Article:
Howl Away

While staying at home, we are finding new hope and maintaining connections to friends and the outdoors during the current crisis.


photo by Doug Schnitzspahn

like so many of us in Colorado and beyond, I have been howling every night at 8 p.m. I am howling for the doctors and nurses and other front line and emergency workers who need our support. I am howling for my parents who live just 20 minutes away but I have only been able to see on a Zoom screen. I am howling for my 10-year-old next-door neighbor, Jeremiah, who I had an over-the-fence snowball fight with the other day. I am howling for my eldery neighboors who are alone during this time and feel connected when we bray like wolves for these few moments together every day. I am howling for my family, for my own broken heart, for the way it releases all this worry and frustration and remind me of nights camping that seem like another lifetime when I have heard the yips of coyotes and even the full, sad songs of wolves near Yellowstone National Park. I am howling because I can hear it up and down our neighborhood, because it’s one way we all connect in this midst of this absurdity and tragedy upending our lives.

The Black Cat Farm (blackcatboulder.com) truck showed up in our neighborhood the other night after we all let out a good howl and we flocked to it like kids to an ice cream truck (keeping six-feet distant and wearing masks and gloves). We bought bulbs of garlic, a green mole sauce, crisp kale. It felt right not just to get this bounty in the midst of isolation but also to support a local business, to know that we will all find some way to survive and enjoy the good things in life. We have been trying to support the businesses hit hardest by COVID-19. We bought poetry books and coffee from Innisfree (innisfreepoetry.com) down the street on the Hill. I could have made repairs to our bikes on my own but instead I walked them down to Boulder Cycle Sport  (bouldercyclesport.com). We have been drinking Lyons-based Spirt Hound gin (spirithounds.com), while the brand is busy helping the community in turn by making hand sanitizer.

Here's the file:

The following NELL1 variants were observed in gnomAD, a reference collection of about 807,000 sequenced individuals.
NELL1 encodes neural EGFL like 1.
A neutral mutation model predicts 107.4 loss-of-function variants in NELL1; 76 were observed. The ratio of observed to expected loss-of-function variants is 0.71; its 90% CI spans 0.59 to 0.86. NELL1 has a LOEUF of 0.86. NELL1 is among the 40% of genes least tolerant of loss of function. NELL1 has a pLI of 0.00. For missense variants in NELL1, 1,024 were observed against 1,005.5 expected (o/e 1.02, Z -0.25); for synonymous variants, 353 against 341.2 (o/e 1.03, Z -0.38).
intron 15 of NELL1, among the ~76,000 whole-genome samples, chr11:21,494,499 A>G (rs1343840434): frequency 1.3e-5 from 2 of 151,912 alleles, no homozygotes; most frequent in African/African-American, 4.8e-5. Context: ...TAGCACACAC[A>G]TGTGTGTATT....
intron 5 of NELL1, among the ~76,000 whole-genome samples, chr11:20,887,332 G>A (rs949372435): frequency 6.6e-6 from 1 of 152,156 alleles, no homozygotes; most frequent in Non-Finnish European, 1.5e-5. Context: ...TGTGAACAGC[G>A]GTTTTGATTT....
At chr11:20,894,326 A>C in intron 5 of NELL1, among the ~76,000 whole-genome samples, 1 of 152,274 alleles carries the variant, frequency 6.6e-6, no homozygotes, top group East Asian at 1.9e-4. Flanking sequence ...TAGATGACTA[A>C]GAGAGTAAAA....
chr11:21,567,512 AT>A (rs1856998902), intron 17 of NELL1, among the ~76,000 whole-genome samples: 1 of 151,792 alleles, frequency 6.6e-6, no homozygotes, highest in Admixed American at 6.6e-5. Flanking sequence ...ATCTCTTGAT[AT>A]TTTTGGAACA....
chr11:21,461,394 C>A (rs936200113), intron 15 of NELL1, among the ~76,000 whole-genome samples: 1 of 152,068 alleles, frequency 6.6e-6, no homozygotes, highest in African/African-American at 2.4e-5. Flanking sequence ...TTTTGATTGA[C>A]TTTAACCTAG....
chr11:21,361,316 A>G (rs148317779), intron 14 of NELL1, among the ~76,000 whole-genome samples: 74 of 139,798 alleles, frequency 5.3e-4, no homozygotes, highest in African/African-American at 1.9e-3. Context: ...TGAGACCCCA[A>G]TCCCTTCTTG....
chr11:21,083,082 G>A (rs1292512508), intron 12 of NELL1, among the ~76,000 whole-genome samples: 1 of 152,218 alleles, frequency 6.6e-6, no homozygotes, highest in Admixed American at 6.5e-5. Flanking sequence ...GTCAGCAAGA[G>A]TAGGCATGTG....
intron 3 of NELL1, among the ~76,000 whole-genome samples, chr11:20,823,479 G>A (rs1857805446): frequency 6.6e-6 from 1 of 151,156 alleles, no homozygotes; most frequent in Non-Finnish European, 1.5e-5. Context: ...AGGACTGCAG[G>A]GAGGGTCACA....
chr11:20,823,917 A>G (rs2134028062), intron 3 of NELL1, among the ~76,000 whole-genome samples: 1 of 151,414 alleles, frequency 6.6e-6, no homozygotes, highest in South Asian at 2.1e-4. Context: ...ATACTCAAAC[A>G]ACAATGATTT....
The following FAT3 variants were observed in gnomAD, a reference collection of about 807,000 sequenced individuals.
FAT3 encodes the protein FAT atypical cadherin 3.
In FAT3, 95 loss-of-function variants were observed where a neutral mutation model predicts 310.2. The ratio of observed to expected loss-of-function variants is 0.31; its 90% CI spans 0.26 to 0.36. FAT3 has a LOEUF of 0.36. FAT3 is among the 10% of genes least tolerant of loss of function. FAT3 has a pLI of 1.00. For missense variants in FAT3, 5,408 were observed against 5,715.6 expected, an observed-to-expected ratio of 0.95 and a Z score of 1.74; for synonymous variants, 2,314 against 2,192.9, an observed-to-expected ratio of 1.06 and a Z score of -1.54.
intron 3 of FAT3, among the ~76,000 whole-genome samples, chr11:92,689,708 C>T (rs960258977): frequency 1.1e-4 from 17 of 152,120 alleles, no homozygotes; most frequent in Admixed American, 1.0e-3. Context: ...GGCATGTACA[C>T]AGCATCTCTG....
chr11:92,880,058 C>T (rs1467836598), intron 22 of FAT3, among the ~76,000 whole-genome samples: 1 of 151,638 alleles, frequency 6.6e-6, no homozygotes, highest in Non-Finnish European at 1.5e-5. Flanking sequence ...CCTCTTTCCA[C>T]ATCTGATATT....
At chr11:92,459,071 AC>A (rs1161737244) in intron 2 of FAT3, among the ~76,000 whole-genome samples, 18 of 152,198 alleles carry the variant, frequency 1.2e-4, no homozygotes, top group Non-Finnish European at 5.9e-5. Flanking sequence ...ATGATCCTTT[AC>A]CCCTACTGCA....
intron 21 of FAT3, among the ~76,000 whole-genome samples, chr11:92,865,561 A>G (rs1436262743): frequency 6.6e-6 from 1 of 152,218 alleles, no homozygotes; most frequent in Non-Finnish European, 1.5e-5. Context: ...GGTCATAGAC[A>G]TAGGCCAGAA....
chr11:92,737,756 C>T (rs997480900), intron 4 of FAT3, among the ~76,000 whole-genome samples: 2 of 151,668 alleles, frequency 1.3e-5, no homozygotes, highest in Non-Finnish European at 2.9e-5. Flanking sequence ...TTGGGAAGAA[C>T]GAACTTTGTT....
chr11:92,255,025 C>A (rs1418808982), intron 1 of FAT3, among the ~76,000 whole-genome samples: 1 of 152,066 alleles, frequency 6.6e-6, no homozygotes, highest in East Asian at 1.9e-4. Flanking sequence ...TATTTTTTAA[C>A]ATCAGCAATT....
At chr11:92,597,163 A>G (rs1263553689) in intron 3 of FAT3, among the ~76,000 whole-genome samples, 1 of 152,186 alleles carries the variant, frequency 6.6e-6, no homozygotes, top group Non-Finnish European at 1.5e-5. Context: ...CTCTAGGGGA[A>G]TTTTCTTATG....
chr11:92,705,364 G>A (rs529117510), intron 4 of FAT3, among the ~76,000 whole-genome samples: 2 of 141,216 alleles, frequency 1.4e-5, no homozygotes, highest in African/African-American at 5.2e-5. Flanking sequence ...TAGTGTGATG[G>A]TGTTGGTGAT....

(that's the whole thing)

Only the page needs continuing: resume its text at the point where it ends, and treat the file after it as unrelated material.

Our community is helping us as well. My friend and writing colleague Latria Graham made us face masks with Hogwarts house themes (Gryffindor!) and we have worn them on local bike rides or hikes from our doorstep up into the Flatirons. Our neighbors brought us a surprise bag of pastries from Le French Café (lefrenchcafeboulder.com). EO’s parent company Summit Publishing has been working overtime to keep us employed. And you, our readers, have been here, supporting us, having this magazine mailed to you or going out of your way to pick it up and let us know how much we mean to you on your social feeds. 

When this is over, we will all need to heal. I keep going back to a line from Whitman: “I swear the earth shall surely be complete to him or her who shall be complete,/The earth remains jagged and broken only to him or her who remains jagged and broken.” So howl for what’s broken, for the earth, and for how we can be complete again.

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